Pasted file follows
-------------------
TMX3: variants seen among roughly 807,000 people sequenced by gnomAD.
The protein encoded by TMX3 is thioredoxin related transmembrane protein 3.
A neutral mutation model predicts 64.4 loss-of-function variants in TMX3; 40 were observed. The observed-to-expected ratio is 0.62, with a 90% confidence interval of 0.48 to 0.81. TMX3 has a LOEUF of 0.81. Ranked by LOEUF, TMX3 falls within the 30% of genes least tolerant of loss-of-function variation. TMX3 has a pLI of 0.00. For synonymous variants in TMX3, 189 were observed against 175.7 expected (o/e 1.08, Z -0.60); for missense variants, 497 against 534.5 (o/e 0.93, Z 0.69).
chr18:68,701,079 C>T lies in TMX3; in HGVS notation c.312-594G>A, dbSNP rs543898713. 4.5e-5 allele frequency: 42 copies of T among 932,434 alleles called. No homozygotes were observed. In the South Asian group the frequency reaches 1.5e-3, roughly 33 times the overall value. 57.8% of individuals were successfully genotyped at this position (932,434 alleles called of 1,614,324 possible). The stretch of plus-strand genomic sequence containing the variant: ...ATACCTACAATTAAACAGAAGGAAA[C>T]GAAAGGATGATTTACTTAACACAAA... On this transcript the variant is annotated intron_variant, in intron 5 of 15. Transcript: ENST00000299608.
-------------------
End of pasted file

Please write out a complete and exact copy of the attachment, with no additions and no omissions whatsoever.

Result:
TMX3: variants seen among roughly 807,000 people sequenced by gnomAD.
The protein encoded by TMX3 is thioredoxin related transmembrane protein 3.
A neutral mutation model predicts 64.4 loss-of-function variants in TMX3; 40 were observed. The observed-to-expected ratio is 0.62, with a 90% confidence interval of 0.48 to 0.81. TMX3 has a LOEUF of 0.81. Ranked by LOEUF, TMX3 falls within the 30% of genes least tolerant of loss-of-function variation. TMX3 has a pLI of 0.00. For synonymous variants in TMX3, 189 were observed against 175.7 expected (o/e 1.08, Z -0.60); for missense variants, 497 against 534.5 (o/e 0.93, Z 0.69).
chr18:68,701,079 C>T lies in TMX3; in HGVS notation c.312-594G>A, dbSNP rs543898713. 4.5e-5 allele frequency: 42 copies of T among 932,434 alleles called. No homozygotes were observed. In the South Asian group the frequency reaches 1.5e-3, roughly 33 times the overall value. 57.8% of individuals were successfully genotyped at this position (932,434 alleles called of 1,614,324 possible). The stretch of plus-strand genomic sequence containing the variant: ...ATACCTACAATTAAACAGAAGGAAA[C>T]GAAAGGATGATTTACTTAACACAAA... On this transcript the variant is annotated intron_variant, in intron 5 of 15. Transcript: ENST00000299608.